The two internet search results below also indicate that the Ministry of Energy may have awarded at least two contracts to G4S Kenya in 2017 and 2018. As with the above however, the links are inaccessible. They are also not on the PPIP or the Ministry’s website.
When I sent an email to the Ministry of Energy requesting copies of documents containing information on the total number of contracts awarded by the Ministry of Energy to G4S Kenya Ltd or any of its affiliates between 2014 and 2019, the Ministry’s response was, “Please note that we do not have such documents.” A follow-up request was ignored.
G4S also reported being awarded a 2-year contract worth KSh81 million to store, secure and deliver laptops to 8,600 primary schools under the digital literacy programme through which the president had promised to issue each standard one pupil with a laptop. Again, this tender award was not published by the public entities involved. However, I dug further and found that the Jomo Kenyatta University of Agriculture and Technology (JKUAT) had published an article on their website indicating that they would be partnering with G4S and four other institutions to implement this project.
G4S’s role in this consortium was to distribute the devices to the schools. I wanted to understand how JKUAT, a public institution, arrived at the decision to contract G4S for this public project, and so I sent an information request to the corporate email indicated on their website. To their credit, I received an instant response from one Dr Ngonyo, directing me to the “directorate concerned who will be in a position to respond” to my enquiry. The email that I was given was not functional, and so I wrote him again, requesting an alternative email. Again, he replied instantly. This time, the email he shared did go through, but I have not received a response to date, not even an acknowledgement of receipt.
The digital literacy project ultimately fell short of expectations, with problems such as fewer devices being delivered than had been promised, lack of complementary infrastructure such as electricity, and inadequate ICT training of teachers. In the wake of COVID-19, the entire 2020 school year was cancelled, and public school pupils lacked the resources, or devices, to proceed with e-learning.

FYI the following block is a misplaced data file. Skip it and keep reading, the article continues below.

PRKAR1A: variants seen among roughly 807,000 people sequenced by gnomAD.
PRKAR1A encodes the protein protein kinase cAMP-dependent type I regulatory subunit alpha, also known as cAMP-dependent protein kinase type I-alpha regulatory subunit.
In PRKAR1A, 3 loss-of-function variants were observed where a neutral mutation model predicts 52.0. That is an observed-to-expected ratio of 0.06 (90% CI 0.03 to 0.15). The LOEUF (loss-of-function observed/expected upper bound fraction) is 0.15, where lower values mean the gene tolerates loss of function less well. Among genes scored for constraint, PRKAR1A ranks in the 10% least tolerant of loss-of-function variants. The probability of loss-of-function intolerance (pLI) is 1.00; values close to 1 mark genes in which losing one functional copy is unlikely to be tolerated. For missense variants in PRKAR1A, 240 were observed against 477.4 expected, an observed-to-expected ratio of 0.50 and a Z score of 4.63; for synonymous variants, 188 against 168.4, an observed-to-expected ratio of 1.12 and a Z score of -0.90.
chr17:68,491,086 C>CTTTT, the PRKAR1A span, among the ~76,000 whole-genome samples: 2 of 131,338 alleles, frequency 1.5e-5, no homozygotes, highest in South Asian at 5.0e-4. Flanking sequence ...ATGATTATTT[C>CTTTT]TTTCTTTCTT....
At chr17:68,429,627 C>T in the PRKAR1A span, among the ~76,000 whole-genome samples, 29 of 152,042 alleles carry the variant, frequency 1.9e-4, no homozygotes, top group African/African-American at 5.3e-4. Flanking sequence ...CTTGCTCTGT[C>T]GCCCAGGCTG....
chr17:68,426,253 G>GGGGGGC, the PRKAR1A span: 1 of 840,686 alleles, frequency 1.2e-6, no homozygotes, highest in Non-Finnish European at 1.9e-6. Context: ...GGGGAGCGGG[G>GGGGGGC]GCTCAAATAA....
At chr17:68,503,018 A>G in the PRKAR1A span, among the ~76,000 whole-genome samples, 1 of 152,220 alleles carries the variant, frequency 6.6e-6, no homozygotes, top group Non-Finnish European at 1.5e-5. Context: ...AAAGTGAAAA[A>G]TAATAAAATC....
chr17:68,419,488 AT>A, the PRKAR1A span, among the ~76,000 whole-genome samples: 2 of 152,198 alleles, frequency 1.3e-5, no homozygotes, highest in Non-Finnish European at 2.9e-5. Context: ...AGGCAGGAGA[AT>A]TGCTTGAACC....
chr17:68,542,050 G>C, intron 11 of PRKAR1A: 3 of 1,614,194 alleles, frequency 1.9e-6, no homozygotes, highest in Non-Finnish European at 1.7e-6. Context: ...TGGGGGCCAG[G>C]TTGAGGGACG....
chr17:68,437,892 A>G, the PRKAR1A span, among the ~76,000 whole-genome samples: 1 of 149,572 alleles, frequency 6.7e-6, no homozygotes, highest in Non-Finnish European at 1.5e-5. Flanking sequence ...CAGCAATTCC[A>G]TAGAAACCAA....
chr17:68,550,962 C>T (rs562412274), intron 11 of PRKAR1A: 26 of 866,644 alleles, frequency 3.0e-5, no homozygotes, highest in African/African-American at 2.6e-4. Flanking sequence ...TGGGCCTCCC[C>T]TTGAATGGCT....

I also had the advantage of accessing a data leak from the Integrated Financial Management System (IFMIS), a financial management system that was rolled out by the government to enhance transparency and accountability in public procurement. The data showed that the Independent Electoral and Boundaries Commission (IEBC) made payments of KSh5,548,930 to G4S between 2014 and 2017. These contracts have neither been published on the procurement portal nor in the IEBC’s reports. For instance, the IEBC’s annual report for the 2014/15 financial year included, on page 67, a list of all contracts fully executed between June 2014 and June 2015. There is no mention of contracts for the provision of security services, yet the IFMIS data shows that a total of KSh3,260,280 was paid to G4S between 28th October 2014 and 31st March 2015.
So what’s their secret?
As part of my research, I interviewed the operations manager of another established private security company operating in Kenya. Wishing to remain anonymous to protect the company’s business, my contact said that it is difficult to get government contracts, which are mostly awarded based on political connections. The manager indicated that many private security companies in Kenya are owned by ex-police officers and MPs, which gives them an advantage when bidding for government contracts.
I was unable to verify this information given that beneficial ownership disclosure was not legally required at the time of this investigation. This has recently changed, and companies had until 31st January 2021 to update their beneficial ownership information with the Registrar of Companies. However, by the time of this publication, it is not yet possible for citizens to submit beneficial ownership requests through the eCitizen platform. Companies have now been granted a grace period up to 31st July 2021 before the Registrar starts enforcing for non-compliance.
However, through the PPIP and the official companies search available on the eCitizen platform, I was able to determine that at least two politicians sit on G4S Kenya Limited’s board.